South Africa’s move to decentralize the treatment of drug-resistant tuberculosis (TB) has given rise to a crop of nurses equipped not only to initiate patients on HIV treatment, but also to prescribe for and monitor drug-resistant TB (DR-TB) patients. However, experts and government officials say the need for specialist physicians and hospitals will continue, based on research presented at the South African TB conference in the port city of Durban.
The lack of proper sanitation, poor access to health services, malnutrition and HIV/AIDS are all contributing factors to early childhood deaths. Maternal deaths are also increasing, mainly due to HIV infection. This is according to studies done by the United Nations Children’s Fund (UNICEF).
More than seven million children died before their fifth birthday in 2010 - nearly all from preventable causes. One of the reasons for this is mothers not wanting to breast-feed their children. This is according to Dr Siobhan Crowley of the United Nations’ Children’s Fund (UNICEF).
The national health department has contracted additional pharmaceutical manufacturers to make up the critical shortage of the antiretroviral tenofovir across the country.
HIV clinicians and doctors warned last week that the continued stock out of tenofovir and the failure to advise health workers on how to deal with it was a looming disaster.
Reports of stock outs go as far back as October last year with the explanation given that the drug suppliers Aspen Pharmacare and Sonke Pharmaceuticals were not able to meet the demand once they were awarded the tender.
It emerged this week that the national health department had directed provinces to order tenofovir from two additional suppliers.
The KwaZulu-Natal health department is roping in everyone from traditional leaders to school principals, and church elders to private doctors in a quest to make the National Health Insurance (NHI) rollout work in Umgungundlovu and two other districts.
Provincial health MEC Dr Sibongiseni Dhlomo and national Health Minister Dr Aaron Motsoaledi will hold a meeting with traditional and community leaders in Pietermaritzburg next week to discuss the role they can play in promoting awareness.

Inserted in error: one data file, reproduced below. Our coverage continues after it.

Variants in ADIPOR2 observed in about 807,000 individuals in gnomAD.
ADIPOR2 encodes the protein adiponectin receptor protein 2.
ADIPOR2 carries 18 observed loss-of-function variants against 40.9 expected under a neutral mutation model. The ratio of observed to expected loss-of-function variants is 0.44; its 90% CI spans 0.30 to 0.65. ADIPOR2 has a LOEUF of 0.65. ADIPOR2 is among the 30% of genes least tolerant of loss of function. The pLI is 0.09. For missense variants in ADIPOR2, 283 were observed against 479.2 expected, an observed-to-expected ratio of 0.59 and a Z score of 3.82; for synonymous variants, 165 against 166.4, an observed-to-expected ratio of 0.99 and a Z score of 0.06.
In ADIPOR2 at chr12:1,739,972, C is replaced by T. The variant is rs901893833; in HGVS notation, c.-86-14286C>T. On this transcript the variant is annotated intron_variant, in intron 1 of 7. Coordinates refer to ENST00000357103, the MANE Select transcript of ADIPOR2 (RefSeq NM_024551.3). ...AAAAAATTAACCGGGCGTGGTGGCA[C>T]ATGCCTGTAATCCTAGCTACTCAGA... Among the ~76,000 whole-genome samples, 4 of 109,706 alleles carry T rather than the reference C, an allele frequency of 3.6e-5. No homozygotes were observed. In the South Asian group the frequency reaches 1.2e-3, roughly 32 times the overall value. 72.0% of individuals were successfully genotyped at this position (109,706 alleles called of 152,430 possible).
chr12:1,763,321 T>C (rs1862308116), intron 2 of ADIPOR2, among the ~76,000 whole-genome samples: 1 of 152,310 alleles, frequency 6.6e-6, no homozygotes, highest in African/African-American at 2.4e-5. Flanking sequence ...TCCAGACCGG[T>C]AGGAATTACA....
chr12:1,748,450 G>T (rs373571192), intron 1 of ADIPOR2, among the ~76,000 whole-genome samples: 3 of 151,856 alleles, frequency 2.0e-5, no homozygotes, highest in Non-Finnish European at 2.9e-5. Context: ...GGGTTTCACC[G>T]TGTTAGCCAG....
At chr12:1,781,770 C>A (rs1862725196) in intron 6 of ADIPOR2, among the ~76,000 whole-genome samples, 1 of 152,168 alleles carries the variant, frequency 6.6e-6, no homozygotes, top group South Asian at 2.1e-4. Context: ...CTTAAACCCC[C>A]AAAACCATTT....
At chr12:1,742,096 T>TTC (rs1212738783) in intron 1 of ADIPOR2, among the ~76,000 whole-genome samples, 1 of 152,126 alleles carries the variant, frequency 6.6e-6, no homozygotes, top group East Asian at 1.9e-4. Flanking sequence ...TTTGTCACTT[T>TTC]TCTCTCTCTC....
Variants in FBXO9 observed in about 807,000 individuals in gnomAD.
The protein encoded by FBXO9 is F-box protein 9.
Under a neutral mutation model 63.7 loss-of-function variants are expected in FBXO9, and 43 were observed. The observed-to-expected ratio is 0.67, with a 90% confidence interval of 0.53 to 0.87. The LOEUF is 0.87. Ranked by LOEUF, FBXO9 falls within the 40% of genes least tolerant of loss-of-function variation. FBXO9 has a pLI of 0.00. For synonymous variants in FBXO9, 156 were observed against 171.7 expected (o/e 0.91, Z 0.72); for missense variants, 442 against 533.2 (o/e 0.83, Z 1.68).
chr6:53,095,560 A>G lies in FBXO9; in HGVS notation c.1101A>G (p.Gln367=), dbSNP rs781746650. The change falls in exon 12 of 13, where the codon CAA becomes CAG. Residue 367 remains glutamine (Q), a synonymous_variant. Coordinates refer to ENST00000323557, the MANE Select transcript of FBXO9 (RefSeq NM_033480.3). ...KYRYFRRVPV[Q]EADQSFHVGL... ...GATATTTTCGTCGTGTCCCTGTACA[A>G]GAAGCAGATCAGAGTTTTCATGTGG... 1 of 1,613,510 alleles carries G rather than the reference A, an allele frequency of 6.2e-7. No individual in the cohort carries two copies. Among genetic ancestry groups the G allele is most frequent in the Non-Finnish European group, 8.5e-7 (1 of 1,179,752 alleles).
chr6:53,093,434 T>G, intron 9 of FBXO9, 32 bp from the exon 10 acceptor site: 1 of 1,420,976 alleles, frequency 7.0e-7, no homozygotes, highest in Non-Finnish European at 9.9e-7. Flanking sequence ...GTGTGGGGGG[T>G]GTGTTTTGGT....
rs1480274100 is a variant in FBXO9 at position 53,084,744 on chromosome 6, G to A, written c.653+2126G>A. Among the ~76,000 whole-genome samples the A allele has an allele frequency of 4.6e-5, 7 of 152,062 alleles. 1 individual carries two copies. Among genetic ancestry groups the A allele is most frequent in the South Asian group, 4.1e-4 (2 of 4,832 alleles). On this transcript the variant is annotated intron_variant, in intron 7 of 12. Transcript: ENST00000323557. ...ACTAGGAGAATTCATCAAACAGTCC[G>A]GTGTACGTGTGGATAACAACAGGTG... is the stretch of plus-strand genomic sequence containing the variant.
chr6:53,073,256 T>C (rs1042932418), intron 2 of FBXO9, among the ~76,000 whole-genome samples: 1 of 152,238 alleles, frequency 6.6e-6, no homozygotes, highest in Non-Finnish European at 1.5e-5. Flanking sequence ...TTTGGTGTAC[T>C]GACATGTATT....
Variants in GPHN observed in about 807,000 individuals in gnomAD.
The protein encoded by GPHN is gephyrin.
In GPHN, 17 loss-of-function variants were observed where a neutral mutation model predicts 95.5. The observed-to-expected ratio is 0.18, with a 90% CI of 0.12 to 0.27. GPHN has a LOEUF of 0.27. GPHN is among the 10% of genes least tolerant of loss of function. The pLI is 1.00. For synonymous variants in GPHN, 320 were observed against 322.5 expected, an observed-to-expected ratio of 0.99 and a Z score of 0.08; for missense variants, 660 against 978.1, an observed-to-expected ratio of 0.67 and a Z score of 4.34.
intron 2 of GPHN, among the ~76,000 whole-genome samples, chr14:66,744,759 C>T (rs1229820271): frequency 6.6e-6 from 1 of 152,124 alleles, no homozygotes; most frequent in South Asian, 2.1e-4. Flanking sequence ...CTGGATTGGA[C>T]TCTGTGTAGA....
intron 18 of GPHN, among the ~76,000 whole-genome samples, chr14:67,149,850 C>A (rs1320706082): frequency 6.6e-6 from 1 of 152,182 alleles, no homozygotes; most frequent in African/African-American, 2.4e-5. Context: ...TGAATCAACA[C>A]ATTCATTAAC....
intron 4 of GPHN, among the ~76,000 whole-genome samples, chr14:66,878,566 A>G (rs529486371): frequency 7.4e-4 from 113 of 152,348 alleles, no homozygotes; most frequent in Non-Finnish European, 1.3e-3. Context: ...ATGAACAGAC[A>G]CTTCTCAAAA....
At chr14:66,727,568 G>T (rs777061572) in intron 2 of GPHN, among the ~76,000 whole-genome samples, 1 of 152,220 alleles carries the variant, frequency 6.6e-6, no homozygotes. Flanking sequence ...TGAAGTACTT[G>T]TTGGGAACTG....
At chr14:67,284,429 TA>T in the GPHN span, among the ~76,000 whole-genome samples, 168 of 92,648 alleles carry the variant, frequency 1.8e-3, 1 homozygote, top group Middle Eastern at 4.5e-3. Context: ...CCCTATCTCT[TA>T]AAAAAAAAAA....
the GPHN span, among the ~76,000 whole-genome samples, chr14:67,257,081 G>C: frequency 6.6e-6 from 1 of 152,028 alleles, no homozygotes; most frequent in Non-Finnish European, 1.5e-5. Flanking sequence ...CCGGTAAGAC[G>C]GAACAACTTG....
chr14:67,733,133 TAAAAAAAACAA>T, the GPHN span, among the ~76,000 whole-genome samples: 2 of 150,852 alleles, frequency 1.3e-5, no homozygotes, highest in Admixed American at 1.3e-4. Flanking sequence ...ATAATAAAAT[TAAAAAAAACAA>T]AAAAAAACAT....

Provincial department spokesperson Desmond Motha said the main challenge, especially in rural areas and areas where illiteracy is rife, was people not wanting to test for HIV.
The continued stock out of the antiretroviral tenofovir and the failure to advise health workers on how to deal with it is a looming disaster, HIV Clinicians and activists are warning.
Reports of stock outs go as far back as October last year with the explanation given that the drug suppliers Aspen and Sonke were not able to meet the demand once they were awarded the tender.
Dr Francesca Conradie, President of the Southern African HIV Clinicians Society said they had submitted the clinical guidelines for health workers on how to swop out medications in February, but that it has not been ratified by the health department meaning it is not being used.
Attached are important changes to ART guidelines applicable in all state facilities, some of which were already signalled in the NSP 2012-2016.
“To some extent in this document, NHI has become almost like a panacea to solve all the problems in the health system,” Dr Duane Blaauw said during a debate on the ANC’s policy discussion documents at the University of the Witwatersrand, in Johannesburg.
The ANC’s policy discussion document on health focused mainly on NHI, he said. All other health policy processes had been put on hold as a result.
“To some extent, all other policy processes are now on hold... NHI is going to solve all the problems in the health system, somehow it’s a magic bullet and it’s going to fix the weaknesses.”
Saving Mothers 2008-2010: Fifth report on the confidential enquiries into maternal deaths in South Africa
The report covers the maternal deaths that were reported to the NCCEMD secretariat by 15th April 2011, and that occurred in the triennium 2008-2010. The same definitions used in previous Saving Mothers reports were used in this report.
FOURTEEN years ago, Kholekile Shasha joined SA’s nascent doctor training programme in Cuba, unaware of how controversial the state-sponsored initiative would turn out to be.
He came from a poor family, and had finished high school in the Eastern Cape with exam results just shy of the grades needed to study medicine in SA. He leaped at the chance of a free education in Cuba.
"I was disadvantaged in terms of colour, and access to education and finance," he says.
UNAIDS and PEPFAR bring together Health Ministers and partners to advance progress in ending new HIV infections in children
Ministers of Health and representatives from the 22* countries with the most new HIV infections in children have come together to report on progress towards achieving zero new HIV infections in children by 2015 and find ways of stepping up action.